And then you have Praise.
Yes, that's right: Praise.
Last Sunday's cantata wasn't a cantata as much as it was a Praise concert. While Christian Rock is not exclusively Praise and vice-versa, Sunday Night was probably a testament as to how the two sub-genres are intertwined.
Christians are no stranger to celebration, of course. Every culture has its own religious holidays and observances; I'll venture that Christians and Moslems and Buddhists and Hinduists each have their own respective days to sing, dance and generally have a good time. In the bible, King David is noted as having enthusiastically danced to the Ark of the Covenant's return to Israel -- so modern Christians do have a bit of precedence in this case.
It just strikes me that, if you're a Christian who's trying to promote the surface aspects of Rock (i.e. loud volume), then you'll inevitably turn to Praise. Praise is one of the few things that Christians will unabashedly shout to the heavens -- if you're this enthusiastic about your faith, after all, then you're bound to express it in celebration.
Thus you have Praise. Or, to be precise: You have an entire Sunday evening's worth of Praise.
While I have no argument against Praise music -- it is fair subject matter for songs, after all -- I do have a problem with too much Praise music. I mean, you could be the biggest Rock fan in history, but when the various bands decide to take over your house, rip up the furniture and empty the refrigerator, you'll have to admit that you'll get tired of the stuff very, very quickly.
Last Sunday night, I welcomed the first Praise song with all the standard expectations of a man watching a Christmas cantata. I turned an unsuspecting glance at the second Praise song, then raised the proverbial eyebrow when a third one came on over the sound system. By the time the singers seamlessly lapsed into a fourth tune, my expression had been reduced to a single confused stare. The tunes in question were not even Christmas songs in the slightest sense, and I began asking myself what kind of cantata I had gotten myself into.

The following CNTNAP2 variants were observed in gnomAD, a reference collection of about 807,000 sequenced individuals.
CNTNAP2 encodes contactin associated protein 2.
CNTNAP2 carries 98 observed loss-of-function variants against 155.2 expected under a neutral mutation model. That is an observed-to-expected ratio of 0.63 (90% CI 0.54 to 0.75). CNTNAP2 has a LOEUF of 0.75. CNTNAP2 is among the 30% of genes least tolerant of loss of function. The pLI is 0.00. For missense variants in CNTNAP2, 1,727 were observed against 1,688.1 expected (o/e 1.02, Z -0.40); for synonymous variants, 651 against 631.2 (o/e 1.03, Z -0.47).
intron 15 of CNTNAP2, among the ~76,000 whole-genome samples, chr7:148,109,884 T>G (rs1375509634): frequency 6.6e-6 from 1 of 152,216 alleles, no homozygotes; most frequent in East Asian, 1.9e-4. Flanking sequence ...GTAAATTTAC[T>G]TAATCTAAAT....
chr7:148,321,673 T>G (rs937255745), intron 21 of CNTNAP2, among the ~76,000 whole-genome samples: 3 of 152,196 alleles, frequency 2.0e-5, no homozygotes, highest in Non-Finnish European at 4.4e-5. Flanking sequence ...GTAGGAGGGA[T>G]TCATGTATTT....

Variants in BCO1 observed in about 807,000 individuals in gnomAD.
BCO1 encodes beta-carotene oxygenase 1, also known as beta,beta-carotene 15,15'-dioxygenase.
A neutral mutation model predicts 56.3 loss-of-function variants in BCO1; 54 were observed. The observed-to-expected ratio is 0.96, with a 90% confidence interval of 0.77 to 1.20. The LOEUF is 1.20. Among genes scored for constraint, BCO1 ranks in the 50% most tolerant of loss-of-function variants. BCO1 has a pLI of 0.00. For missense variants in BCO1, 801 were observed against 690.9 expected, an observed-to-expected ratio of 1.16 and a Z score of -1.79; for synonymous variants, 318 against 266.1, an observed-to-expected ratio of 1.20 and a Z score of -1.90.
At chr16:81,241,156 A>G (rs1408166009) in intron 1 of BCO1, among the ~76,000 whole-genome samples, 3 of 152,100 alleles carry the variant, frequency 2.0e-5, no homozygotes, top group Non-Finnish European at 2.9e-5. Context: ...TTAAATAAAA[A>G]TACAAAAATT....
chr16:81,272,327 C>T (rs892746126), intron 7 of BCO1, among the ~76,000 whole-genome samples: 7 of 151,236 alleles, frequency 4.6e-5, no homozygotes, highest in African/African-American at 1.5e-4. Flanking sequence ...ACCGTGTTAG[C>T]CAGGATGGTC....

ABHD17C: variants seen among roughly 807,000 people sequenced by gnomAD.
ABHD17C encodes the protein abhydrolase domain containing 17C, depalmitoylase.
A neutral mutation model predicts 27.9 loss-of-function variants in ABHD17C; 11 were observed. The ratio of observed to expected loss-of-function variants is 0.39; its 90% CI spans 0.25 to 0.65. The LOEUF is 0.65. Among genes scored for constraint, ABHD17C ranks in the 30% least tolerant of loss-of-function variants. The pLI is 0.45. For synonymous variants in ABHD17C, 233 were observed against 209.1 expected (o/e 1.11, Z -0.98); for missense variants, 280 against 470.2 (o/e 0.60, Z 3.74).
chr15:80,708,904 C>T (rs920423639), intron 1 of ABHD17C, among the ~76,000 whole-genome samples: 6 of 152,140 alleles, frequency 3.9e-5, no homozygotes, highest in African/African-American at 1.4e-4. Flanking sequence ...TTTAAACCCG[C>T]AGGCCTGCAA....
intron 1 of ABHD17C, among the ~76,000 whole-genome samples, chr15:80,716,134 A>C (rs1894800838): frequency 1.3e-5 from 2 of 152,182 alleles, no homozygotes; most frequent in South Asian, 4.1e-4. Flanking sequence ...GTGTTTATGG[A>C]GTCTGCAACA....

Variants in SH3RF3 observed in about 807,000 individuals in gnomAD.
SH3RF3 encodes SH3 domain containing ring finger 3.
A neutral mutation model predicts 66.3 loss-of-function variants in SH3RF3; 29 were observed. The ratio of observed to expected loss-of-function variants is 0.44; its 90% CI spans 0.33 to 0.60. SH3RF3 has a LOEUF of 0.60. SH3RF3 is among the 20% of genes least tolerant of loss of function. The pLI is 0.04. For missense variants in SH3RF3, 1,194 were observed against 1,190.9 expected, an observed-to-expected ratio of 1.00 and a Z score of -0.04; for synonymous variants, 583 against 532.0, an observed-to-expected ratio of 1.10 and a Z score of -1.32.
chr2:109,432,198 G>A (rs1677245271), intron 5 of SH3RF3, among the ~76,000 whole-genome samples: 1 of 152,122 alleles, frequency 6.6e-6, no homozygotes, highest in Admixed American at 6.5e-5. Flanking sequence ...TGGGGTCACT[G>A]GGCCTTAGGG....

Fortunately, that was when the performers lapsed into a solemn rendition of "O Holy Night", one of my favorite carols. Unfortunately, that was when I found that they had inexplicably substituted most of the lyrics for words of their own writing. So once again the crowd was subjected to a never-ending wall of Praise music, one that continued on for a good hour or so. By the time the performance ended, I was all too eager to high-tail it all the way home.
I still have no argument against Praise music, for the reasons I've stated above. People have the right to prefer or make their own compositions or means of celebration, I suppose.
What puzzles me, however, is how Christians can tolerate this sort of thing. While I'm all for exhorting God's majesty and grace, it seems to me that eight straight songs doing the same thing in one evening is far too much. Yes, God definitely deserves the accolades... but I have to assert that there is a fine line between Praise and Sycophancy. I see God as a benevolent father-type being; I don't want to go around hallelujahing his every move and figuratively licking His divine boots.
Of course, I'm probably wrong here. I'm just one man with a distinctly un-Christian opinion, who could barely be called 'devout' in the first place. You could call me blasphemous if you like, I suppose, and therefore ignore me completely. I get the feeling that I've crossed that line quite a few times already.
Yes, I'm probably wrong about the whole thing. Maybe I'm just not used to the practice, and maybe one day I'll do a complete turnaround and be able to enjoy mounds of Praise music just like the Christian multitudes do.
...Just like the relationship between Christians and Rock, I think.
It's amazing what time can do to certain opinions that we have of each other.